The Consumer Financial Protection Bureau and the Office of the Comptroller of the Currency are the regulators levying the penalty. Notably, the bureau is led by Mick Mulvaney, who wants the agency to take a gentler towards banks. Some analysts wonder whether the bank has been punished enough to alter its culture.Wells Fargo can afford the $1 Billion sanction as it earned a profit of $22.2 billion last year and $5.9 billion in this year’s first quarter.

Jeffrey A. Newman represents whistleblowers

Ambulance company employeeAharon Aron Krkasharyan, 54, of Los Angeles, California, was sentenced by U.S. District Judge George H. Wu of the Central District of California, who also ordered Krkasharyan to pay $484,556 in restitution to Medicare, jointly and severally with his co-conspirators, who await sentencing.  On Nov. 27, 2017, Krkasharyan pleaded guilty to one count of conspiracy to commit health care fraud. According to court documents, during the course of the conspiracy, Mauran submitted over $28 million in claims to Medicare.  Krkasharyan’s co-defendants admitted that at least $6.6 million of those claims were false and fraudulent claims for medically unnecessary transportation services.  Medicare paid at least $3.1 million on those false and fraudulent claims.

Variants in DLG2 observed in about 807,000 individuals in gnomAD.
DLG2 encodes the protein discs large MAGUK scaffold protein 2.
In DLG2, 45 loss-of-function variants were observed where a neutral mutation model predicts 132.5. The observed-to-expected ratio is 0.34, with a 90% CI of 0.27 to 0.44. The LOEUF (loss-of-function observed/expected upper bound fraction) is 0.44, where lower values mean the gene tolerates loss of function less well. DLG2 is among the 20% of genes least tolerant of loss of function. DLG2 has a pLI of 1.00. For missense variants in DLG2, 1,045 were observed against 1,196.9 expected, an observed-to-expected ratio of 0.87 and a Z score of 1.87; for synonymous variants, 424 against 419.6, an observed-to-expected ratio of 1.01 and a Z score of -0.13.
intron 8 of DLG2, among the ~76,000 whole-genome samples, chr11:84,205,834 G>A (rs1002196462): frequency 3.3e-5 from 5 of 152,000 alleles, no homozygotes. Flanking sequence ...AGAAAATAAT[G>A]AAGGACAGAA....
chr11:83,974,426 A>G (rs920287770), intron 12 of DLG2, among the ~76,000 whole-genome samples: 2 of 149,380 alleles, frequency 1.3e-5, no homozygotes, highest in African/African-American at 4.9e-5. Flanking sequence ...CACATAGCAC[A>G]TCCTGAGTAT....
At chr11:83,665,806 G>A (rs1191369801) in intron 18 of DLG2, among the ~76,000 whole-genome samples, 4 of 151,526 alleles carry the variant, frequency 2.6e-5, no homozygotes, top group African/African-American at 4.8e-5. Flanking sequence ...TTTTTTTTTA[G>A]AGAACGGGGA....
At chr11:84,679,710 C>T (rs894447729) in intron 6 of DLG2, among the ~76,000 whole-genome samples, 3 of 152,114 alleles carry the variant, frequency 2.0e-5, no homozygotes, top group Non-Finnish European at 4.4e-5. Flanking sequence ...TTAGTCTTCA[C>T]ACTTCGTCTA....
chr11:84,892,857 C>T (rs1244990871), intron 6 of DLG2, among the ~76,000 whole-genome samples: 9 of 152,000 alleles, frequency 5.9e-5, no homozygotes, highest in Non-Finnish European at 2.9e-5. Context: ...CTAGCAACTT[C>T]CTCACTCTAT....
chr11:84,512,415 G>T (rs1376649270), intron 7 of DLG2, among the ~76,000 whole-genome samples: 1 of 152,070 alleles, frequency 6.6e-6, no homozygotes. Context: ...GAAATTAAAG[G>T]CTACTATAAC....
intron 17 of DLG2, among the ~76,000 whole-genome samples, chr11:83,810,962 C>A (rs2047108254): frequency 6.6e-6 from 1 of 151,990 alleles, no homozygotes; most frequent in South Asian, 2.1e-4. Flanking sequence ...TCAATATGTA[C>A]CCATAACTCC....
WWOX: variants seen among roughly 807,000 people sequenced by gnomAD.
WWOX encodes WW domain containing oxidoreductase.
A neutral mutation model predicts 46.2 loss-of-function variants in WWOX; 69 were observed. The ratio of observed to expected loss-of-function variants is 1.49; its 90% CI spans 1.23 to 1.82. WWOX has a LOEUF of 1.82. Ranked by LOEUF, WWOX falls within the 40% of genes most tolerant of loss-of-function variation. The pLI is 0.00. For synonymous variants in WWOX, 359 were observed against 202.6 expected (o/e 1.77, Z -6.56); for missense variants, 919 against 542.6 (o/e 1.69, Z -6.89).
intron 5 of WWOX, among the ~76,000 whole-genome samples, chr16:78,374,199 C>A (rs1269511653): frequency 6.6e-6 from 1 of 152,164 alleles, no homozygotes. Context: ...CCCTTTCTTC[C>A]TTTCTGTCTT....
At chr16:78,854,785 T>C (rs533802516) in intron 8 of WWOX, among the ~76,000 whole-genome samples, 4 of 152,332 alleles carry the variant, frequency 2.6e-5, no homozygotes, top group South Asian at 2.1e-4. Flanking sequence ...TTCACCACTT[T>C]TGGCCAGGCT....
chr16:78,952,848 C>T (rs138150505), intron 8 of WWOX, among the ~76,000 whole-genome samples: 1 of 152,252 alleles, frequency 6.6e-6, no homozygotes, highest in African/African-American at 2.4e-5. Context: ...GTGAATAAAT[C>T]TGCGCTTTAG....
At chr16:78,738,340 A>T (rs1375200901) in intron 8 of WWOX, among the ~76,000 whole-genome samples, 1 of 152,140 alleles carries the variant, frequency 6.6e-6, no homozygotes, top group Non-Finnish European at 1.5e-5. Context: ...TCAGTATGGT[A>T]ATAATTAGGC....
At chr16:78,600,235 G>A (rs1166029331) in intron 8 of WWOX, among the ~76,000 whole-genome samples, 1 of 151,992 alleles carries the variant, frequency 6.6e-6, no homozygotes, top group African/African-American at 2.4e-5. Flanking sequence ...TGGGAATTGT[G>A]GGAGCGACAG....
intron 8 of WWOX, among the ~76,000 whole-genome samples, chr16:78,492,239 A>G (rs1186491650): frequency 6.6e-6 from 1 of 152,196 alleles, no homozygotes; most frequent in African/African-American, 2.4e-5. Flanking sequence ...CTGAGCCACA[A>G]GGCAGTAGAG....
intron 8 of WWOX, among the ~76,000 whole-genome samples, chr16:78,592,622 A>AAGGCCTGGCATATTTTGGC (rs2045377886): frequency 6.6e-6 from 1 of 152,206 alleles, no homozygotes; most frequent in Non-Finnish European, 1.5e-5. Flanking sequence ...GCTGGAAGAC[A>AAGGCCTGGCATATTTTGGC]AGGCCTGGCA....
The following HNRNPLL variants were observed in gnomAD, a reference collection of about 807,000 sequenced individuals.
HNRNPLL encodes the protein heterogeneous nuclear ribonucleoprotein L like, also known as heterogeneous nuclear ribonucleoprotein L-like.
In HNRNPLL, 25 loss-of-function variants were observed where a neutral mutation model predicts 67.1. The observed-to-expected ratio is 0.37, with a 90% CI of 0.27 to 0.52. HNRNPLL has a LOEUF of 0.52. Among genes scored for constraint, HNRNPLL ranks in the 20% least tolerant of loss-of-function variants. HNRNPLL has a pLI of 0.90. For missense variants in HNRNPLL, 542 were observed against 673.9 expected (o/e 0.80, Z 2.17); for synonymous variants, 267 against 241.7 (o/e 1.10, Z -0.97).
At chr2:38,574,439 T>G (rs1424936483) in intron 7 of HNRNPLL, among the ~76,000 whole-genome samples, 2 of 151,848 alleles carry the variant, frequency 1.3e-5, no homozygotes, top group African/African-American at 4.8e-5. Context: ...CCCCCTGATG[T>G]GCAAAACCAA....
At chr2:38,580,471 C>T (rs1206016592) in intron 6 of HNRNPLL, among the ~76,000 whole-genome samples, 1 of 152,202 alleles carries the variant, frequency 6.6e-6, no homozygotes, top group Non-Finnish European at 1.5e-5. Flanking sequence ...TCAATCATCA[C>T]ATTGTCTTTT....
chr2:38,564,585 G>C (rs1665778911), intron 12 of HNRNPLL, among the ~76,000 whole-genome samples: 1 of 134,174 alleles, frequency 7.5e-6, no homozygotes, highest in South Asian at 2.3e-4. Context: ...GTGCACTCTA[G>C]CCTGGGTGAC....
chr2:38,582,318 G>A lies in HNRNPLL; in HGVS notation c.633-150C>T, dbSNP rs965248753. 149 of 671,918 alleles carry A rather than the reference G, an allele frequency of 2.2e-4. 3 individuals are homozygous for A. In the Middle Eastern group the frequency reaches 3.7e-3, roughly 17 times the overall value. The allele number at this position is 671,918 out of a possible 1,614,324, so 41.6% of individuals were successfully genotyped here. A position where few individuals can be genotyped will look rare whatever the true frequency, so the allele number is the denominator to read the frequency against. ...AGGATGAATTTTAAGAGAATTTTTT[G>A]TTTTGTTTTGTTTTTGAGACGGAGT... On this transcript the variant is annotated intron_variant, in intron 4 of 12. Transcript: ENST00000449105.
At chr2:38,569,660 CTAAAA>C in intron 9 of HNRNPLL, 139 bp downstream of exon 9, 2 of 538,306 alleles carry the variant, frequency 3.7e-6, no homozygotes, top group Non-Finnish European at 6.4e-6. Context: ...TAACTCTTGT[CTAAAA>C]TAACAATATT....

Krkasharyan was employed as the Quality Improvement Coordinator for Mauran Ambulance Inc. (Mauran) of San Fernando, California, an ambulance transportation company operating in the greater Los Angeles area that provided non-emergency services to Medicare beneficiaries, many of whom were dialysis patients.  As part of his plea, Krkasharyan admitted that between June 2011 and April 2012, he conspired with other Mauran employees to submit claims to Medicare for ambulance transportation services for individuals who did not need such services.  Krkasharyan also admitted that he and his co-conspirators instructed Mauran emergency medical technicians to conceal the patients’ true medical conditions by altering paperwork and creating fraudulent reasons to justify the ambulance services.